A Look Back Over the Work of Haruo Tomiyama, Legend of Photojournalism

From 1 August until 31 October 2018, Fujifilm Square in Tokyo showcased original prints from the 'Gendai Gokan' series.


Haruo Tomiyama, who passed away in 2016 at the age of 81, was an important figure in photojournalism. In the 60s, back when Japan was faced with significant societal and political changes, the photographer produced a series on the subject of overpopulation entitled ‘Gendai Gokan’ for the Asahi Shimbun, one of Japan’s main daily newspapers.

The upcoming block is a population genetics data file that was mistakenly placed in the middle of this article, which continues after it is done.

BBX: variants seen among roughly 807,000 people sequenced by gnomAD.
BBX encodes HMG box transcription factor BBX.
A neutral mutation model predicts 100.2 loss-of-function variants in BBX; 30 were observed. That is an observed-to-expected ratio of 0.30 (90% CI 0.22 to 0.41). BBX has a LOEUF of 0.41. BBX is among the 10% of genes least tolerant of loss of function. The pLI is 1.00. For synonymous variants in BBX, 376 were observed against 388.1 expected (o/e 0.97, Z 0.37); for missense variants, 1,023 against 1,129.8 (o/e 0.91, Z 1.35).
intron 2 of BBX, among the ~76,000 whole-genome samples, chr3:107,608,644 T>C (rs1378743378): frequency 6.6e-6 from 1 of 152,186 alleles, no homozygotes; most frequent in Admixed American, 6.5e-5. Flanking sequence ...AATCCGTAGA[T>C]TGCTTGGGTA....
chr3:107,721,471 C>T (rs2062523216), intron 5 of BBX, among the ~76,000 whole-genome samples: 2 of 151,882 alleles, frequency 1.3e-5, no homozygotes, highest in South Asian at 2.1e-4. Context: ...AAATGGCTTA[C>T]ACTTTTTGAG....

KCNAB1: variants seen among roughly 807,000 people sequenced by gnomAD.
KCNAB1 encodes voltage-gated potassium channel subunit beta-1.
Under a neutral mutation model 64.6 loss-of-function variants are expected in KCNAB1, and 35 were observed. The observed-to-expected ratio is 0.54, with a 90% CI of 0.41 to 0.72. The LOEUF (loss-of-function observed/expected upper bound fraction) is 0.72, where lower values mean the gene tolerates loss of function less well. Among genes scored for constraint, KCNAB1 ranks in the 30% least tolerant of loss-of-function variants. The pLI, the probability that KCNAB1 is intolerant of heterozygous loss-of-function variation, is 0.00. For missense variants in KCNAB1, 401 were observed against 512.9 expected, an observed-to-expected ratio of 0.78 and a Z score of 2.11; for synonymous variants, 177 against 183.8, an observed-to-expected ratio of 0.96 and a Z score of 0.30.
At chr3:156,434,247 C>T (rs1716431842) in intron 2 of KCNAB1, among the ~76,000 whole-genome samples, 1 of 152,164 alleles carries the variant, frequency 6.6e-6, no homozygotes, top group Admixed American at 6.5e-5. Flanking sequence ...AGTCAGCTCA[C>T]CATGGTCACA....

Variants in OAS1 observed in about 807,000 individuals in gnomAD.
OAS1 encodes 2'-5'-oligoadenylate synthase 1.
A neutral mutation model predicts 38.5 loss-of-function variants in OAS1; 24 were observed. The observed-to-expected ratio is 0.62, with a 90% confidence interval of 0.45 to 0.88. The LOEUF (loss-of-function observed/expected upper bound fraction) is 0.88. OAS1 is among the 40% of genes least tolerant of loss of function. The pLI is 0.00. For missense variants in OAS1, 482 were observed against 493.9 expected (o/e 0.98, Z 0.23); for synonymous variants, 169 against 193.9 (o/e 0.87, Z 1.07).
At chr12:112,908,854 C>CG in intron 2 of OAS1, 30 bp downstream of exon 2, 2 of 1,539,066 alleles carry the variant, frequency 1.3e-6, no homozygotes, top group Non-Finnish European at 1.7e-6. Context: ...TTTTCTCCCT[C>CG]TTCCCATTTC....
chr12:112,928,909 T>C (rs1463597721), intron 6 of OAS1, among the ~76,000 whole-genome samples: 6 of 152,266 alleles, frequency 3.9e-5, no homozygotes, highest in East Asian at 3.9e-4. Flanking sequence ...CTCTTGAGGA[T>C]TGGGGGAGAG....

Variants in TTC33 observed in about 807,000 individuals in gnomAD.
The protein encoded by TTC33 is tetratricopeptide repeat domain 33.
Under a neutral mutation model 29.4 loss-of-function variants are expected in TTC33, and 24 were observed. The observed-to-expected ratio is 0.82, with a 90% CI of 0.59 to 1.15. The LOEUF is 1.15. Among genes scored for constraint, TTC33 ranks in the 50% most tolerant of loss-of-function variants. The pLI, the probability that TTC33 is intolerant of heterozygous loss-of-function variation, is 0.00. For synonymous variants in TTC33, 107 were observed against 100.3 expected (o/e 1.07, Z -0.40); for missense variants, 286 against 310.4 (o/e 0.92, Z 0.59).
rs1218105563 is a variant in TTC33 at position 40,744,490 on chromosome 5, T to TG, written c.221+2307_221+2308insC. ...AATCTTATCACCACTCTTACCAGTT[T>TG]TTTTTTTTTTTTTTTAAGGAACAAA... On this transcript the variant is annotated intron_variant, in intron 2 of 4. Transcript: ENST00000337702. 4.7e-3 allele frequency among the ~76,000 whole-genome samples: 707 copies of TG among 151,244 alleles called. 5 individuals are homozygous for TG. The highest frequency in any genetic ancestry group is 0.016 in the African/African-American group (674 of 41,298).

Satire on social conditions


His photographs, depicting a compact crowd of salarymen in an underground carriage or an elderly couple dressed in kimonos wandering on the grass in a park, are accompanied by essays by famous writers such as Kenzaburō Ōe (winner of the Nobel Prize for Literature, 1994). This series became a success thanks to its clever satire of social conditions in Japan, while the country was caught up in rapid economic growth and on the verge of a revolution in societal values.

From 1 August until 31 October 2018, Fujifilm Square in Tokyo exhibited original prints from the ‘Gendai Gokan’ series, selected and reproduced in 1998 by Haruo Tomiyama himself.

©Haruo Tomiyama Archives

©Haruo Tomiyama Archives

Fujifilm Square